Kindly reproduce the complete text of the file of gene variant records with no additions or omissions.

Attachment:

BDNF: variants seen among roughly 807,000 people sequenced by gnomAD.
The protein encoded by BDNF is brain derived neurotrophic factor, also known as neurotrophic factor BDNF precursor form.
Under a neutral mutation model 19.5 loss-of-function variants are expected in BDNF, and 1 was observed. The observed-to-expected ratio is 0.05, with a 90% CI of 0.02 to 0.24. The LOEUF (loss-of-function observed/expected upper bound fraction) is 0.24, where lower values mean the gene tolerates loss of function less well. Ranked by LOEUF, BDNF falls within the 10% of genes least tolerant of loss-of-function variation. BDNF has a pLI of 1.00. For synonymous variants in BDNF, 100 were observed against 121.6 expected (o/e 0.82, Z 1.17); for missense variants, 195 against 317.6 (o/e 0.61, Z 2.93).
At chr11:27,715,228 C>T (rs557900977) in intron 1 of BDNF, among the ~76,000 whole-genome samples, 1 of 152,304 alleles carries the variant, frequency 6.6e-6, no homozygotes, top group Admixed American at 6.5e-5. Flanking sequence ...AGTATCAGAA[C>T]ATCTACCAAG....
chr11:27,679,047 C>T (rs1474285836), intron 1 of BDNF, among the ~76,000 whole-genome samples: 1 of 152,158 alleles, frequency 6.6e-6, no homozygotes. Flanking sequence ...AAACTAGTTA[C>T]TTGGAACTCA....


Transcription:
BDNF: variants seen among roughly 807,000 people sequenced by gnomAD.
The protein encoded by BDNF is brain derived neurotrophic factor, also known as neurotrophic factor BDNF precursor form.
Under a neutral mutation model 19.5 loss-of-function variants are expected in BDNF, and 1 was observed. The observed-to-expected ratio is 0.05, with a 90% CI of 0.02 to 0.24. The LOEUF (loss-of-function observed/expected upper bound fraction) is 0.24, where lower values mean the gene tolerates loss of function less well. Ranked by LOEUF, BDNF falls within the 10% of genes least tolerant of loss-of-function variation. BDNF has a pLI of 1.00. For synonymous variants in BDNF, 100 were observed against 121.6 expected (o/e 0.82, Z 1.17); for missense variants, 195 against 317.6 (o/e 0.61, Z 2.93).
At chr11:27,715,228 C>T (rs557900977) in intron 1 of BDNF, among the ~76,000 whole-genome samples, 1 of 152,304 alleles carries the variant, frequency 6.6e-6, no homozygotes, top group Admixed American at 6.5e-5. Flanking sequence ...AGTATCAGAA[C>T]ATCTACCAAG....
chr11:27,679,047 C>T (rs1474285836), intron 1 of BDNF, among the ~76,000 whole-genome samples: 1 of 152,158 alleles, frequency 6.6e-6, no homozygotes. Flanking sequence ...AAACTAGTTA[C>T]TTGGAACTCA....